Tag Archives: genre

Writing Across Age Groups: friend or foe?

“What do you write?”

The question is asked often and a confusing one to answer depending on the individual receiving the info. 

The short answer is that I write for kids.  The long answer is that I write for all ages of kids.  I have manuscripts floating around in my brain–and on paper–for cute board books, quiet picture books, whimsical chapter books, mysterious middle grades and dark young adult novels.   

The general feeling in writing circles is that what you first pub in is where you’ll continue pubbing.  This advice is fine for writers of adult fiction who write by genre.  “Love what you first pub, because that’s the genre you’ll stay in for a good long time.  An entire career, maybe.”

By professional standards, it typically takes about ten years to grow a writer.  While some writers blow the covers off this theory, the timeline holds true for the majority of authors.  Like all things, it takes time to build a brand–something that is hard to do if one genre-hops before being truly well-established.

My DH and I go through this every time we shop for bathroom supplies.  He grew up with one kind of toothpaste, I grew up with another.  We’re both loyal to our brands.  Yet I’m sure Crest didn’t come on the scene in one day and become the Chosen One.  Nor did Colgate. 

Even now, these nationally recognized brands vie for market share by adding new elements.  It’s the same brand, just in cinnamon or lemon.  It’s the same refreshing goodness, but this time with baking soda and whitener.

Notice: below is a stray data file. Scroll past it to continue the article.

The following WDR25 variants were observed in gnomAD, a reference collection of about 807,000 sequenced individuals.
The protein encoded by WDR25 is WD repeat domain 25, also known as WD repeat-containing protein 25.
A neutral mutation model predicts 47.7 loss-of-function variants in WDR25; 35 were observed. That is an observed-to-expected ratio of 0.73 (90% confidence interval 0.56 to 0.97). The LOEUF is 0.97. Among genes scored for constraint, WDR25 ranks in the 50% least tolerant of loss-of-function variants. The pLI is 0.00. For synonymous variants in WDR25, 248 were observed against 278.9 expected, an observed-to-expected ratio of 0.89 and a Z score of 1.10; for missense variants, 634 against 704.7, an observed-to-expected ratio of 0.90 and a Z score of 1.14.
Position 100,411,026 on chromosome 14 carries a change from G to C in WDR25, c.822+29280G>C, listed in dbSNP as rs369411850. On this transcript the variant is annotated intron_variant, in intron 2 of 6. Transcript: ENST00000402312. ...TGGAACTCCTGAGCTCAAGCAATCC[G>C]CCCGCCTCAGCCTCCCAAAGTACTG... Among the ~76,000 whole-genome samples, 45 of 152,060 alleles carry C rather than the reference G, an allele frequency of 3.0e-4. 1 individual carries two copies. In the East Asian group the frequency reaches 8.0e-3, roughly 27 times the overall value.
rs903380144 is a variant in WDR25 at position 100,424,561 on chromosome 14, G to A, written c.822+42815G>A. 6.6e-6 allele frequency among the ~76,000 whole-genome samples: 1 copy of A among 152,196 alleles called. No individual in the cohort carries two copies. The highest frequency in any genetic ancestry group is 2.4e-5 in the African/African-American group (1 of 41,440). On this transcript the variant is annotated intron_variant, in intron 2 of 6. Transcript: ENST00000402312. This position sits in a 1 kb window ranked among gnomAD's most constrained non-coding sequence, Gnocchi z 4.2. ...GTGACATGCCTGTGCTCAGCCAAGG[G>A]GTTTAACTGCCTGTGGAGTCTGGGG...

Which leads me to my dilemma.  I don’t write Original Crest Paste.  I write all their off-shoots.  Combined, I’m a brand.  Just parceled out a bit to smaller pockets of users. 

Is this a good thing or bad thing?

I’m not sure.  In some ways, I think it’s awesome.  I get the freedom to write what strikes my fancy.  I get the freedom to explore all avenues of lit that I grew up loving.  But it can make branding a little more difficult. 

For instance, it will be a good fifteen years before my board book audience is ready to read my dark YA.  The loyalty will not carry over unless they literally go from cutting teeth on my first books to learning to read with my chapter books to hitting puberty with my older reads.  And this can happen.   Truth be told, I want it to.    

Yet, it also poses another question: should my middle grade audience (wherefore art thou, audience?) have access to my vastly different YA material? 

I’ll just go ahead and admit.  As a mom I would be mortified if my fourth-grader brought home a steamy YA.  But it can happen if authors build their brands right and kids want to read everything ever written by Author Awesome. 

I see this happening already as traditionally adult-pubbed authors cross over to the juvenile lit arena.  My Middle Son is enthralled by Patterson’s The Dangerous Days of Daniel X series.  When he reads through all of Patterson’s kid books, he’ll want to read some of his older material–stuff that’s totally inappropriate for a ten-year-old.  Wildly inappropriate.